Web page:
[8]        The offence with which the accused has been convicted carries a maximum sentence of life imprisonment.

[9]        I have considered the facts placed by the learned counsel in mitigation before the court. I accept and take into account the fact that the accused has pleaded guilty without wasting the time and expense of the Court. He has expressed remorse and regret expects the leniency of the court in so doing. I also note that he is the father of one child and is a first offender.

[10]      On the other hand I take into account the victim impact statement and the horrific acts perpetrated by the accused on his ex-wife. The harm he inflicted physically and emotionally is grave and cannot be condoned by a light sentence. The victim was unable to defend herself and could have been killed at his hands were it not for the intervention of passers-by. Strange love. Domestic violence in Seychelles is rife and must be stemmed by deterrent sentences.

[11]      I have not been referred by Counsel to any relevant authorities apart from a mention by Mr. Gabriel of the case of Allisop with no citation given and which in the circumstances I have been unable to locate. I have however taken note of R v Franke Lesperance (Crim Side 52 of 2006) in which a sentence of three 3 years imprisonment and the payment of a fine of R 15,000 was imposed on the accused on a like charge.  In Aglae v R (Crim Appeal No 15 of 1997), a sentence of 4 years imprisonment was imposed for causing unlawful wounding by stabbing penetrating the lungs of the victim.  In René v R (Crim 28 of 1988) three accused persons were sentenced to terms of seven years imprisonment each for causing grievous harm by cutting the penis of the victim circumferentially. In R v Anna (Crim Side 8 of 2004), the accused was sentenced to ten years imprisonment for stabbing the victim with a knife causing a ten cm penetrative wound which caused active bleeding in the thorax and air escaping from the wound. In R v Norah (2008) SLR 309 a sentence of five years and a fine of SR 15,000 imposed. However in R v Hoareau (Crim Side 100 of 2004), a brutal attack by the accused on the victim leaving him in a pool of blood to die only saw a sentence of four years being imposed.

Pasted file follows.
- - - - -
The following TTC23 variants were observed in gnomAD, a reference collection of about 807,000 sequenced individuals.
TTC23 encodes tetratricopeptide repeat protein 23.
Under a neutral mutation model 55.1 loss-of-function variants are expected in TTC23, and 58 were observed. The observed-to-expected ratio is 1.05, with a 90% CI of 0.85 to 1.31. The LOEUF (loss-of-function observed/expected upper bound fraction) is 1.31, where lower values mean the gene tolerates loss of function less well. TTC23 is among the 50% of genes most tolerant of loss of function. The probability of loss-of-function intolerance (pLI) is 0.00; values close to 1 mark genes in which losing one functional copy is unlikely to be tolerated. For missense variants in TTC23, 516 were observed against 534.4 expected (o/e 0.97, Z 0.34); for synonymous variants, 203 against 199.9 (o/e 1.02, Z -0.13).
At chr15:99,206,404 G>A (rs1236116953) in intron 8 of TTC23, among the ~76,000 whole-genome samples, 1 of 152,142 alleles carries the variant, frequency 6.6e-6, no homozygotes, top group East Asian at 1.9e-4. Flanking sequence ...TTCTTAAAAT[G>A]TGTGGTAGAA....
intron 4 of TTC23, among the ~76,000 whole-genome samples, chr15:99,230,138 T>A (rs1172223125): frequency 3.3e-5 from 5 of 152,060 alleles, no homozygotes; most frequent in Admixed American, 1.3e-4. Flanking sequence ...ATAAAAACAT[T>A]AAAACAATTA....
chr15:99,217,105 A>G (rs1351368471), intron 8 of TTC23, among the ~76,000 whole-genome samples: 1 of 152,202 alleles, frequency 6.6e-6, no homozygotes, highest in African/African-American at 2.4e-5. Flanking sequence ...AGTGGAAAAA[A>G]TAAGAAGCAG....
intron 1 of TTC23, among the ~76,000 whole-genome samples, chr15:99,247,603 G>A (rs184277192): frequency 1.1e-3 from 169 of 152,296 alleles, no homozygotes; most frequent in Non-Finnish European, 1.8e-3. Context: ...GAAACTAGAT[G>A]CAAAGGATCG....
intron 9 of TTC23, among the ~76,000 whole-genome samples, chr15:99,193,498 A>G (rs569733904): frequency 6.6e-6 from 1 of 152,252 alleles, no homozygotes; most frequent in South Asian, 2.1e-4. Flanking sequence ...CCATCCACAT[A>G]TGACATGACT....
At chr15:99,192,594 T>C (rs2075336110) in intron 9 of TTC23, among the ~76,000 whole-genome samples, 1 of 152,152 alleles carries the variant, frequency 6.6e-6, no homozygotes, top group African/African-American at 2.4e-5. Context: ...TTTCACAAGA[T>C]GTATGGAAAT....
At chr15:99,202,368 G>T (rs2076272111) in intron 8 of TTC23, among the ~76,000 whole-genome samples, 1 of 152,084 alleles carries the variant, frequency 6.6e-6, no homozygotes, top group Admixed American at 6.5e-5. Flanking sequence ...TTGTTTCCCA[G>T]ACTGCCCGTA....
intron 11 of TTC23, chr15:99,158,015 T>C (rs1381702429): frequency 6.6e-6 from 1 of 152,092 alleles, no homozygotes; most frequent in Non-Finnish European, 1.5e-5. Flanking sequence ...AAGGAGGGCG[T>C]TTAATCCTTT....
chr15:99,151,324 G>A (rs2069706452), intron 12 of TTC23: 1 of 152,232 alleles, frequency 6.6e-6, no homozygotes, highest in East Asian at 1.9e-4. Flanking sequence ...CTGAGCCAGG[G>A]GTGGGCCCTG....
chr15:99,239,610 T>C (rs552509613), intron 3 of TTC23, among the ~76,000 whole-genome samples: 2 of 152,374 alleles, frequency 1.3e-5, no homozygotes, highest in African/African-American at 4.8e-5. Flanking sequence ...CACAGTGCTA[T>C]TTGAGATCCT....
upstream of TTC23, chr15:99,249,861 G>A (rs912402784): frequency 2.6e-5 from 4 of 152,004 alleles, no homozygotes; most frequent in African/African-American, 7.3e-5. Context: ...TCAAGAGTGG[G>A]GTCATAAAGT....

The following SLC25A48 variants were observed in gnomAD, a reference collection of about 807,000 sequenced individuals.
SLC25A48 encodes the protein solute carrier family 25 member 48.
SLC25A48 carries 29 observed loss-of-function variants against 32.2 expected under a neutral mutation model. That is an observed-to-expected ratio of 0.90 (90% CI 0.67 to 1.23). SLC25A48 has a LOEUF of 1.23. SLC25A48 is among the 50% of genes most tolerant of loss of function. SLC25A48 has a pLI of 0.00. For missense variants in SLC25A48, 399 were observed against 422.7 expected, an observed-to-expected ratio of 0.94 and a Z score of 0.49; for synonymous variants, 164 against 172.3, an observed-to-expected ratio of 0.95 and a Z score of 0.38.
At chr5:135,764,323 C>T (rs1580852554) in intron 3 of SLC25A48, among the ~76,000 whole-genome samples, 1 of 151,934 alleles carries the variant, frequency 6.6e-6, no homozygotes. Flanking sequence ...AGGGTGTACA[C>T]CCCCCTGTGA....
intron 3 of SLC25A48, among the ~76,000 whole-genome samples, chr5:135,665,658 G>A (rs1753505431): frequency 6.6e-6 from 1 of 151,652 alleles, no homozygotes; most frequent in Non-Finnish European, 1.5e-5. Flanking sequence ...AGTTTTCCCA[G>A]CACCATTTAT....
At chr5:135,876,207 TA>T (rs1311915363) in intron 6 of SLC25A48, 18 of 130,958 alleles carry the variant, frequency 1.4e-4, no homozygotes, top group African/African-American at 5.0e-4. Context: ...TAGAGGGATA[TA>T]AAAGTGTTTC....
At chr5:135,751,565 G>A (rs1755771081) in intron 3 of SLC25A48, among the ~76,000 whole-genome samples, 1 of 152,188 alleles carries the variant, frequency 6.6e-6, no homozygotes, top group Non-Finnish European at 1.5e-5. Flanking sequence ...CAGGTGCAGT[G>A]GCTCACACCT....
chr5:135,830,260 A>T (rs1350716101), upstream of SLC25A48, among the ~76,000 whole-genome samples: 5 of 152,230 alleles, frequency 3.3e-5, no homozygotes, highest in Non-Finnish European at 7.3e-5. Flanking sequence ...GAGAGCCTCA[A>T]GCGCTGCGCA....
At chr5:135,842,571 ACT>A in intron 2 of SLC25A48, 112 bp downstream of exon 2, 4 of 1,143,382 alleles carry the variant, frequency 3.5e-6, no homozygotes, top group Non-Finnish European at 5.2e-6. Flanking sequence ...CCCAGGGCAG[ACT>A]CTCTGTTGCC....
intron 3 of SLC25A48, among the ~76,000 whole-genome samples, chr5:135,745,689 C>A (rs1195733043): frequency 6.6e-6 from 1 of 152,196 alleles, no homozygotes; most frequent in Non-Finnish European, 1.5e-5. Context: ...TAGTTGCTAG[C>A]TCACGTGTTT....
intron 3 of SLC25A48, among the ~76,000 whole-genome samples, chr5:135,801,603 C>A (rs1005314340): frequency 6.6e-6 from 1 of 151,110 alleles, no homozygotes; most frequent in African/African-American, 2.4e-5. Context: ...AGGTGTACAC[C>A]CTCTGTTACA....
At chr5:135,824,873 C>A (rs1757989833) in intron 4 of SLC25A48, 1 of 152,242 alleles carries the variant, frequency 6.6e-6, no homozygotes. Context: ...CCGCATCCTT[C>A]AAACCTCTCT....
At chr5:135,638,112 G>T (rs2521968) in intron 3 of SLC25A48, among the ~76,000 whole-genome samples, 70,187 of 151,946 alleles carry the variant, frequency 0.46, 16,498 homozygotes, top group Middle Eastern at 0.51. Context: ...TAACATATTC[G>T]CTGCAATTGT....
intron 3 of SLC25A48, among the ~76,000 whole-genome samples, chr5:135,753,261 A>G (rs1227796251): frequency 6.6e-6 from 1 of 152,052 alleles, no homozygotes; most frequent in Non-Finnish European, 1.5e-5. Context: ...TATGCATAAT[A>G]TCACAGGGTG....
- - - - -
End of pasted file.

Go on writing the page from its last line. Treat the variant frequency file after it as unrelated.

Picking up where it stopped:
[12]      I cannot therefore identify any uniformity in sentencing patterns in reported cases although anecdotally it is generally known that offences of this kind with injuries as in the present case attract sentences of between three and seven years. Having considered the circumstances in which the accused inflicted the injuries on the victim and the severity of the injury I impose a sentence of four years and in addition a sum of SR 10,000 is to be paid by the accused to the victim as compensation in terms of section 151 (b) of the Criminal Procedure Code. Default of payment of the fine will result in a further term of six months imprisonment to be consecutive to the term of four years imposed for the offence.  The fine is to be paid within six months.

[13]      Time spent on remand shall count towards sentence.  The accused can appeal within 30 working days.

 

 

 

Signed, dated and delivered at Ile du Port on 9 November 2018

 

 

 

M. Twomey 

Chief Justice